Former “Survivor” contestant Ramona Gray Amaro says the show often plays into stereotypes of black people while portraying their storylines.Amaro w
Former “Survivor” contestant Ramona Gray Amaro says the show often plays into stereotypes of black people while portraying their storylines.
Amaro was the first back woman to compete on the series after joining the original 2000 season. However, when she finally saw how footage of her from the island was edited for CBS, she felt she was cut to play into stereotypes that the black community often faces.
“I became the lazy person, which is the furthest thing from the truth,” Amaro told NPR. “That really upset me and it took me a long time to get over it… To realize, we signed our life away. They can do whatever they want to do.”
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She was voted off the island after just 12 days, meaning she left with nothing but the public thinking she was something she isn’t. After watching the show for the past 20 years, Amaro believes that the show routinely portrays its black contestants in stereotypical ways.
“We can’t swim… we butt heads, we’re athletic, but maybe not smart and strategic,” she explained. “I’m just saying, ‘Do right by us.'”
The “Survivor” Season 1 contestant isn’t alone in her criticism of the show. Several other black former contestants are calling for change in the wake of heightened awareness of systemic racism sparked by the death of George Floyd while in police custody on May 25.
The outlet reports their requests include the hiring of more people of color to work behind the scenes in casting, editing and producing to help improve how people of color are portrayed on the reality competition series. They’re also calling for the network to enforce a zero-tolerance policy for racist acts and to avoid creating storylines that play into racial stereotypes.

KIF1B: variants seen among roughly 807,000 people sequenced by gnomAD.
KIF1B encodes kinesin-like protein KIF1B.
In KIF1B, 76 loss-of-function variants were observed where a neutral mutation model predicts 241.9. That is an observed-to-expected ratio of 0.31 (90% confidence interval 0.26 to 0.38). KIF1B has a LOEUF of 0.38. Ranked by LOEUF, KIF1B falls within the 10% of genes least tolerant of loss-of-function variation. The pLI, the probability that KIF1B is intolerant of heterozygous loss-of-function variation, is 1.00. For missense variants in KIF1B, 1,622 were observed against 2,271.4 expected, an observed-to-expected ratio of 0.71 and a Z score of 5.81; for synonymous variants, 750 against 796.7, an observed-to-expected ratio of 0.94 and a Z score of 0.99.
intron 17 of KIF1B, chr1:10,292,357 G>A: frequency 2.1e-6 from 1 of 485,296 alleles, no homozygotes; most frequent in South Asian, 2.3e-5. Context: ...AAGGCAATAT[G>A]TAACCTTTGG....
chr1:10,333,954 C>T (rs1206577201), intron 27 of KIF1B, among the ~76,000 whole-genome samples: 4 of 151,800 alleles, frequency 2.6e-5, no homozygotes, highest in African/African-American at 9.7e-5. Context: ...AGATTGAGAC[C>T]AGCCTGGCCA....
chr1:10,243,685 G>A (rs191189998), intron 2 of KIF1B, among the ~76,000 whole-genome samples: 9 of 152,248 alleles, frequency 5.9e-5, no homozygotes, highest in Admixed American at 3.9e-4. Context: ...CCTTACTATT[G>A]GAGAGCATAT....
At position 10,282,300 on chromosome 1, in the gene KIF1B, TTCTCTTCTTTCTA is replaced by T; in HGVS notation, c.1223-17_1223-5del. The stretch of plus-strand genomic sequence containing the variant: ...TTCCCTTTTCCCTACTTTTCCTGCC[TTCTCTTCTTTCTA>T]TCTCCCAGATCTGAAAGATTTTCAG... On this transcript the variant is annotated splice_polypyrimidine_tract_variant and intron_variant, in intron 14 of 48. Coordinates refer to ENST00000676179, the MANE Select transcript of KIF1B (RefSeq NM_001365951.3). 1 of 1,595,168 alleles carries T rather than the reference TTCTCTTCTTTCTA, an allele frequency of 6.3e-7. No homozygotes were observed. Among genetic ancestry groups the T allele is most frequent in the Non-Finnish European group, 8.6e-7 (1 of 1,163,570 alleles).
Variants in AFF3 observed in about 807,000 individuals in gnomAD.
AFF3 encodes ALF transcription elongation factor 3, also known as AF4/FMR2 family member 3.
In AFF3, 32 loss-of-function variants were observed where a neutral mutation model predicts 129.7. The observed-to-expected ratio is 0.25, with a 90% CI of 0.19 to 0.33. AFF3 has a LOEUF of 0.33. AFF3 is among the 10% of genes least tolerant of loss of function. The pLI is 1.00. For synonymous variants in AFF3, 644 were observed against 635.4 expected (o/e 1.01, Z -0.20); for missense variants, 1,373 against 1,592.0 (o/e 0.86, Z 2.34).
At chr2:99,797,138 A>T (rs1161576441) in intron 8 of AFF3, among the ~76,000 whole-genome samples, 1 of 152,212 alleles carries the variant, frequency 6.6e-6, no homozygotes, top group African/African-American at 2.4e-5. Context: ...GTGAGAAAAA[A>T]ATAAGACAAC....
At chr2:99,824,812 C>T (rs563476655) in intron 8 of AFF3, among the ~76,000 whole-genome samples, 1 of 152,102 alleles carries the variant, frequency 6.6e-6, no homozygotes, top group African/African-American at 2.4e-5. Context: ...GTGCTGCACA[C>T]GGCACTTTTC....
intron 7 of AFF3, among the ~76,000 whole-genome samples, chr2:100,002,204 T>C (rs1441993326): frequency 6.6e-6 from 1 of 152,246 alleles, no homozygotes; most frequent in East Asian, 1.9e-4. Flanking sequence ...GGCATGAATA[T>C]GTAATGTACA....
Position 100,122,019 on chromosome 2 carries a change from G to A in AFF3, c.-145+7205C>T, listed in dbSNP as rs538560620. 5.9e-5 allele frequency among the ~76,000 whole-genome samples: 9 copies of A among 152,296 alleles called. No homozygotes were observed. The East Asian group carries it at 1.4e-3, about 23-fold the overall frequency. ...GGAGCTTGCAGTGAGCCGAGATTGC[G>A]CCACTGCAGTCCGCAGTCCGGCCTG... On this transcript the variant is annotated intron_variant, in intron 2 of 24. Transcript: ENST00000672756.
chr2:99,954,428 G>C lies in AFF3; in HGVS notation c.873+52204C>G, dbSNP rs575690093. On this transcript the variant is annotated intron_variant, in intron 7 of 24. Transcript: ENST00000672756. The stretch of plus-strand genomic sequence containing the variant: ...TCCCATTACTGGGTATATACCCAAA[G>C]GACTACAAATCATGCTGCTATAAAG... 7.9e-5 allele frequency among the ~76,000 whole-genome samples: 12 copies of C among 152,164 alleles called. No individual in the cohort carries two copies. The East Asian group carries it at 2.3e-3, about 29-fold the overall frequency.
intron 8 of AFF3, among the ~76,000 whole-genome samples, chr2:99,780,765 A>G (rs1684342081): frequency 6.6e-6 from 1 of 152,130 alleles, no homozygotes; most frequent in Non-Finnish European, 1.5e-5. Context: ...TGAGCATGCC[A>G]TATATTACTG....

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Representatives for CBS did not immediately respond to Fox News’ request for comment.
J’Tia Hart, who competed on the 2014 season of “Survivor” and shares Amaro’s feelings, created a MoveOn.org petition that’s gained more than 5,000 signatures asking for a bevy of changes to take place on the show, including having CBS ensure that at least 30 percent of the show’s cast are people of color.
“What they don’t do a great job with, is telling positive stories and connecting with the multifacets of being African-American,” she told NPR. “I have a degree in nuclear engineering from a top engineering school. I’m a mother. I work in national security. I am very well-rounded. And I just got boiled down to a simple trope of a lazy, unintelligent person.”
Former “Survivor” contestant Rob Cesternino hosted an episode of his podcast last week in which 12 black alumni of the show discussed having a similar experience, noting the stress of auditioning for white executives, the challenge of dealing with their white castmates’ perception of them while simultaneously playing the rigorously difficult game and having to ignore the alleged use of racial slurs among their fellow contestants.
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In response to the black alumni’s calls, CBS told the outlet that it plans to meet with former contestants to discuss their complaints and potential changes in the future.